I recently asked the Ekahau site survey tool maker if they could add a feature that allows visualisation of different qualities of client transceiver. The reason I asked is because the range of Wi-Fi client ability continues to expand. Very soon the new Broadcom BCM4354 chip will deliver two-stream 802.11ac Wi-Fi to smartphones. Meanwhile some very old clients are still in use along with clients that have poor design and/or build quality. Some websites report that the Samsung Galaxy S5 should be available in April using the BCM4354 and that the iPhone 6 will also use it. So the Broadcom BCM4354 will rapidly expand to the range Wi-Fi client ability that WLANs are expected to manage. I think that site survey tools should allow me to deliver reports that visualise this diversity of connection quality. If you have to provide a certain level of Wi-Fi service to a diverse set of clients you need to know what they will experience, not just what can be obtained on the high end equipment that WLAN professionals use.
The IEEE has finally announced approval of IEEE 802.11ac amendment to the 802.11 standard.
It seems like we waited forever.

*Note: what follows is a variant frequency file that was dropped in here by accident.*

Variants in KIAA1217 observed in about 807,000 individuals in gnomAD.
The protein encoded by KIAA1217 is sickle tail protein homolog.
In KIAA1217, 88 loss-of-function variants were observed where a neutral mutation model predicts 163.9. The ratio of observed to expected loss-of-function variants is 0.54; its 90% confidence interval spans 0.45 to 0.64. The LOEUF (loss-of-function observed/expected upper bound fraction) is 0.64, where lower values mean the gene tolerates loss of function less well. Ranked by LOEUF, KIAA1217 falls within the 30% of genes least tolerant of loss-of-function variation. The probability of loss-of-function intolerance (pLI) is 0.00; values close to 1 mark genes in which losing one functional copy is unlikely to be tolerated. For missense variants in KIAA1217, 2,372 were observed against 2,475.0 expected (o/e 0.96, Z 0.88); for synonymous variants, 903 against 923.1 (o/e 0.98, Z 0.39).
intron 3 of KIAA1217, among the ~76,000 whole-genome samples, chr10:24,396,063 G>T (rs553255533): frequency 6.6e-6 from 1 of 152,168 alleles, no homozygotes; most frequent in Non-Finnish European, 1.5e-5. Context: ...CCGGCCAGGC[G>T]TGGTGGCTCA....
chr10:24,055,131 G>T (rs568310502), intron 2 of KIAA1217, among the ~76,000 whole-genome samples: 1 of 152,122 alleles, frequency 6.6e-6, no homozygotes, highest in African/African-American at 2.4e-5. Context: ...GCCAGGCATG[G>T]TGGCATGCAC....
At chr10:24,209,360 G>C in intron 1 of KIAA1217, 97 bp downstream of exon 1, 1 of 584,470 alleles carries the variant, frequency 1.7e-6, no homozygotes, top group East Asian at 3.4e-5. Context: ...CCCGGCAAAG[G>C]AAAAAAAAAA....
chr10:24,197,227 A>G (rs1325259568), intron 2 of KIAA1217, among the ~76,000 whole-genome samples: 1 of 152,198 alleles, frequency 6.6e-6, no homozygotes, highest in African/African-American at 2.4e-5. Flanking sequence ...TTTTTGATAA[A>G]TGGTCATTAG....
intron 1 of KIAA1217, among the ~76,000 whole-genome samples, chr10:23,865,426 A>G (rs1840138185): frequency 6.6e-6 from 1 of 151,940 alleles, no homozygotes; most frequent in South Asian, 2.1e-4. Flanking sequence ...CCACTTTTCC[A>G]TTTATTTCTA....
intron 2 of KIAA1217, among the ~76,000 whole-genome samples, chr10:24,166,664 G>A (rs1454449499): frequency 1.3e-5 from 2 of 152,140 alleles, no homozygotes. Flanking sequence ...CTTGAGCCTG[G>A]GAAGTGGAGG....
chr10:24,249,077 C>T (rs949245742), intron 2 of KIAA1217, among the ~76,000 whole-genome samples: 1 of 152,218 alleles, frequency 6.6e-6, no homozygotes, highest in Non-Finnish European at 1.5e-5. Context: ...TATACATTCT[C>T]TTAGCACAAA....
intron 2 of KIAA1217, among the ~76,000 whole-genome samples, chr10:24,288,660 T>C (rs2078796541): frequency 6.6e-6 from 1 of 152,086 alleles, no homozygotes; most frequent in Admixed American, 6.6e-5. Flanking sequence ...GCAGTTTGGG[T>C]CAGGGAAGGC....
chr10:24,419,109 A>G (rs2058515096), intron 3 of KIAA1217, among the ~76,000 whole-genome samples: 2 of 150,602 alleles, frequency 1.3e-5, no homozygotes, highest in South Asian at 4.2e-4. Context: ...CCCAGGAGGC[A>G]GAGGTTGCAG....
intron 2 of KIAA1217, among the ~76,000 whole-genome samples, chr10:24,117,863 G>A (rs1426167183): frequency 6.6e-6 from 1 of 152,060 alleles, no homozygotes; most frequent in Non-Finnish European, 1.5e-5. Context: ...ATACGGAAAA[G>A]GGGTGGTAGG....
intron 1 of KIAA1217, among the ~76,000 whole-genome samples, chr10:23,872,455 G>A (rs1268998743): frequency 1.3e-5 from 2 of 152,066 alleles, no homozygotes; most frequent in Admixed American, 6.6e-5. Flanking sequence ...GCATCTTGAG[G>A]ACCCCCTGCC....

Understandably makers were keen to sell us products that take advantage of it before it was finalised; that created the expectation.
As long as buyers are made aware of the risks associated with early adoption I am happy to have that choice.
802.11ac is expected to be an important step in Wi-Fi, but as it operates in the 5 GHz band only its shorter range will increase system costs where more access points are required to get coverage.
The Dash7 Alliance promotes the ISO 18000-7 standard for wireless sensor networking.
On 2013-09-25 it announced the public release of the first version of the DASH7 Alliance Protocol.
Low implementation costs will be important in its competition with Zigbee.
Operating at a lower frequency DASH7 has an inherent range advantage but lower throughput.
Dash7 also specifies lower power usage than Zigbee but lesser security features.
Although Zigbee and Dash7 have overlapping applications their different characteristics should allow both to find a niche.
Many companies are developing wireless power systems, but one seems to have an advantage.
Ossia Inc. is developing technology they claim can charge devices at up to 30 feet, others claim only millimetres or centimetres.
They say they are in talks to bring their Cota system to market and think it should be in consumer products by 2015.
At Wireless Head our business is the application of wireless technology to business; so if Ossia Inc. can free us from that last wire it is great news to us.
Take a look at this presentation by the founder and CEO of Ossia for TechCrunch.